Playback’s Film Producer of the Year: Don Carmody

With another Golden Reel Award, 3D epic Pompeii set for 2014 and a new focus on smaller screens, the "Don of Canadian production" has had a banner year.
Don Carmody

This article originally appeared in Playback‘s Winter 2014 print issue. The full issue can be viewed here

This year saw “the Don of Canadian production” in theaters, in production and in new areas of the business.

Don Carmody’s The Mortal Instruments: City of Bones, a 65% Canada-35% Germany copro with Constantin Film’s Robert Kulzer, opened on more than 3,000 North American screens Aug. 21 through Sony Pictures in the U.S. and eOne Films in Canada. Based on the first in a series of young adult novels by Cassandra Clare, the supernatural flick follows Clary Fray (Lily Collins), a teenager who discovers she has the power to connect with demon-chasers called Shadowhunters.

Rights-holder Kulzer approached frequent collaborator Carmody to see if they could shoot the FX-heavy film economically. “We moved forward in that direction, taking advantage of our partnerships with Toronto’s various labs and FX houses,” Carmody says. Although he won’t confirm it, the film’s price tag has been estimated at US$60 million. It has taken in US$31 million in North America and US$83 million worldwide. While impressive, this falls short of the expectation that this would be another Twilight.

“Could we have made it for a wider quadrant? Potentially,” Carmody says. “But you also have to satisfy the fans, and I think we did an amazing job. Would I have liked to have gone out on a different weekend? Absolutely. Pre-Labour Day generally has been a terrible time, but Sony believed in it and everybody wanted to follow on Sony.”

Sequel City of Ashes was put on hold after City of Bones’ performance. “We are revisiting the script and budget and determining where we want to take this,” the producer explains. “Many young-adult projects have not worked the way the industry thought they were going to.”

Meanwhile, Carmody continues to keep a hand in Canadian indies, and this year saw the release of 13 Eerie, a horror copro with Minds Eye Entertainment that shot in Saskatchewan. While it had no significant theatrical run, Carmody says it’s gaining a following in home entertainment, particularly DVDs, downloads and VOD in Canada and the U.S., which is in line with projections. Executive producer Roger Christian approached Carmody to help put together the zombie flick for an estimated $3 million. “You can’t achieve economies of scale by doing just one big movie after the other,” Carmody says.

In the spring, Carmody and Constantin shot the 3D Pompeii, re-creating ancient Italy at Kipling Studios. The story concerns Milo (Kit Harrington), a gladiator who falls in love with Cassia (Emily Browning) – the daughter of a wealthy family – before Mount Vesuvius erupts.

The film is slated for a Feb. 21 release through Tri-Star Pictures/FilmDistrict in the U.S. and eOne in Canada. It’s a passion project for British director Paul W.S. Anderson, who has helmed his actress-wife Milla Jovovich in three Resident Evil films, including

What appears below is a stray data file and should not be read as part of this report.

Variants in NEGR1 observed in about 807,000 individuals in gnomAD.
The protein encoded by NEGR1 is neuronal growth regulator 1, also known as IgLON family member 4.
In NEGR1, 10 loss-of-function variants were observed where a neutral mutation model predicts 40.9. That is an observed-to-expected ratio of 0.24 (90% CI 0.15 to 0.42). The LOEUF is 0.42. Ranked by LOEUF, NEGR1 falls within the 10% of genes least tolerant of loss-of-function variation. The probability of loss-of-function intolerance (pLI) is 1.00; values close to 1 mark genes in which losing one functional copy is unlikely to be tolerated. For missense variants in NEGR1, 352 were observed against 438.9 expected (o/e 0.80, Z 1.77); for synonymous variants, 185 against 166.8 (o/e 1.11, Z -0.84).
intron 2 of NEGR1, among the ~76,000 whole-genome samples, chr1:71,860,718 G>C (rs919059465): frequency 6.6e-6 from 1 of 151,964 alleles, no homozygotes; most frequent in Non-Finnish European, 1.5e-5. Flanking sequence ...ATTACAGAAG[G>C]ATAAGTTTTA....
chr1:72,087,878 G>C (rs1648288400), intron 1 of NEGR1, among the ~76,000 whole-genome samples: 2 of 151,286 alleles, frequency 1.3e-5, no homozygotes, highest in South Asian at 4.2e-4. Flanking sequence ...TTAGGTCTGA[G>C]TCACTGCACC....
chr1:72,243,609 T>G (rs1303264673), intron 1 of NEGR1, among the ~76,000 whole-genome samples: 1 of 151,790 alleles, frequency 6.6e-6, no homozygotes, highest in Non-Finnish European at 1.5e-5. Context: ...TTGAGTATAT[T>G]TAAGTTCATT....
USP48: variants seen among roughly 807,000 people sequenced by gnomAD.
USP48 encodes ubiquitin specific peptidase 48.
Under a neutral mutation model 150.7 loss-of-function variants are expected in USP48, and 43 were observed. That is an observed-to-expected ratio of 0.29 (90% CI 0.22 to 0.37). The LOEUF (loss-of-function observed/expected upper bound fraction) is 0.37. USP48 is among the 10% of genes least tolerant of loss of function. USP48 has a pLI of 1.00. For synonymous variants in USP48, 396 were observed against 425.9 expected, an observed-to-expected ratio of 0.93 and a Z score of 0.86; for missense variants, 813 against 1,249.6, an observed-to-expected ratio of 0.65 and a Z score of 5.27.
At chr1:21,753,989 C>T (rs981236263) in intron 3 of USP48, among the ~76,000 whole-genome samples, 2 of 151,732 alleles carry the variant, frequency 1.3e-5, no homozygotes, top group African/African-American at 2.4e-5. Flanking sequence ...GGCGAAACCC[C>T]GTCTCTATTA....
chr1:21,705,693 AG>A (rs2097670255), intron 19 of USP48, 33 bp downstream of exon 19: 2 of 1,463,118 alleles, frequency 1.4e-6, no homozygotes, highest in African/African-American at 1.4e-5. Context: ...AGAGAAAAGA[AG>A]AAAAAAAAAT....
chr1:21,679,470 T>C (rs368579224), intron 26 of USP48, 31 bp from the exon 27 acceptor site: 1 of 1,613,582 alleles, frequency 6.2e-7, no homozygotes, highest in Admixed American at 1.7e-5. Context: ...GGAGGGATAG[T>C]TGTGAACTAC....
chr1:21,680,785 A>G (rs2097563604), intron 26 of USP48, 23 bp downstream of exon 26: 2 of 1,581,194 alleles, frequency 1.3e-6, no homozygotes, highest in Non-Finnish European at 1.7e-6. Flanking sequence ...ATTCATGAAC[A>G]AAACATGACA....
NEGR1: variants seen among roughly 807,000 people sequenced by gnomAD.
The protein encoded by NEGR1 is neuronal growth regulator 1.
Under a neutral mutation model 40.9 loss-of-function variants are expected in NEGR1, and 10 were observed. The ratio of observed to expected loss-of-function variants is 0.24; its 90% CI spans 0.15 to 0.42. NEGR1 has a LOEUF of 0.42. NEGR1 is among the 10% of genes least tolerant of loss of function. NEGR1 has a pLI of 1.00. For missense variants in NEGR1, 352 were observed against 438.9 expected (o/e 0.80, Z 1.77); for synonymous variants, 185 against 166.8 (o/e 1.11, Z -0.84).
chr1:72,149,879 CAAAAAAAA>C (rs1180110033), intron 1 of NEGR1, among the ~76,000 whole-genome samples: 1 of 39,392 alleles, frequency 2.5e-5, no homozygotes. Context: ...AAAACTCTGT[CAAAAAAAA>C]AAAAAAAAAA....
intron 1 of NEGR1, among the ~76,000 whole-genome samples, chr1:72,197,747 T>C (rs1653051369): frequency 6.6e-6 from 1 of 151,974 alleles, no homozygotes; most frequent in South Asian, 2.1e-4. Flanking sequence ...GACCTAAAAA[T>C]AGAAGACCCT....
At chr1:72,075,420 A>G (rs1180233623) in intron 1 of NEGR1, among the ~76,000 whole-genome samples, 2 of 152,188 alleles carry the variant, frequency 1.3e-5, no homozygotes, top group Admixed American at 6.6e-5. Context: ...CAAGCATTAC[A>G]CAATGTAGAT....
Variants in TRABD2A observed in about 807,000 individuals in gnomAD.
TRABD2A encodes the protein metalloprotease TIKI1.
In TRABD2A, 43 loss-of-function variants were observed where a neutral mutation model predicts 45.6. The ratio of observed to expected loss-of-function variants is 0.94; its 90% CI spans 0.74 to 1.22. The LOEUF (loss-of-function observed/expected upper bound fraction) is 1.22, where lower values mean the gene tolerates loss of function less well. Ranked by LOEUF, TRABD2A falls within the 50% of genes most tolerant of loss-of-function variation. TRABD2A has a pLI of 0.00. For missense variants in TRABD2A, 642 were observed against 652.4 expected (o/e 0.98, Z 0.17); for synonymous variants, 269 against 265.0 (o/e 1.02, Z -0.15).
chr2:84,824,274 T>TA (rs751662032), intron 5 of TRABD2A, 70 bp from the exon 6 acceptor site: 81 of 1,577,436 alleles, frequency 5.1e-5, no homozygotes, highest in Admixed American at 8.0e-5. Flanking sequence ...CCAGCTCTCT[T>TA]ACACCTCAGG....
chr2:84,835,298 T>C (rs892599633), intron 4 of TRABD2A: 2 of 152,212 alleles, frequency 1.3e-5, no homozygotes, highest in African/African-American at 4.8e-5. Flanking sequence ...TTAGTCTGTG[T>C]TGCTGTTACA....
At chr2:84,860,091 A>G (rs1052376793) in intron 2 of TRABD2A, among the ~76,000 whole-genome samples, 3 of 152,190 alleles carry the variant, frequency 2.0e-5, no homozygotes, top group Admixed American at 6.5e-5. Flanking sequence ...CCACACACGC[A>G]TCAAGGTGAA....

Resident Evil: Retribution, a Carmody/Kulzer copro that nabbed Carmody the Academy’s Golden Reel Award for biggest Canadian box office for a Canadian film ($5.4 million) in 2012. It’s his third win for the action franchise, which is nearing the US$1 billion-mark in international receipts.

Carmody is bullish on 3D. “There is an appetite for native 3D,” he says. “As a theatregoing experience, good 3D pulls in an audience. Look at Gravity, Life of Pi and Resident Evil: Afterlife and Retribution. The studios are still finding that, done properly, 3D is an added incentive and added value.” A sixth Resident Evil film is in development, and Carmody says he is open to shooting it in Canada pending the script and his availability.

In March, he launched Don Carmody Television, run by former Minds Eye exec and 2012 Playback 10 to Watch finalist David Cormican. Carmody was sporadically involved in TV in the ’80s and ’90s and was persuaded to jump back in. “The Canadian BDUs and networks and U.S. studios have been saying, ‘You’re successful on the feature side – can you do it in television?’ I could do [a series like] Game of Thrones. Would I do it as well as those guys? I don’t know, but I could try.”

The division’s first announced project is the sci-fi series Echoes, focusing on a young woman trying to survive amidst an alien conflict brought to Earth. Carl Binder (Stargate:Atlantis) is writing the pilot and will show-run, and Carmody says a broadcaster is on board.

And he’s involved on even smaller screens. After adapting video games Resident Evil and Silent Hill into movies, Carmody is producing a mobile app game called Evil Empire with Toronto’s XMG Studio. “When I was approached to be involved in the actual creation of a video game, I said, ‘This is interesting. Let’s try,’” he recalls.

Meanwhile, he’s in development with French Silent Hill collaborator Samuel Hadida on a movie adaptation of World War II video game Castle Wolfenstein, which he describes as “Where Eagles Dare meets The Walking Dead and all the zombies are Hitler clones.” He’s also developing the romantic comedy The Jane Austen Marriage Manual, adapted by author Kim Izzo. And he’s hopeful about reuniting with David Gross and Jesse Shapira on a sequel to Goon, the 2011 Canuck comedy about hockey thugs.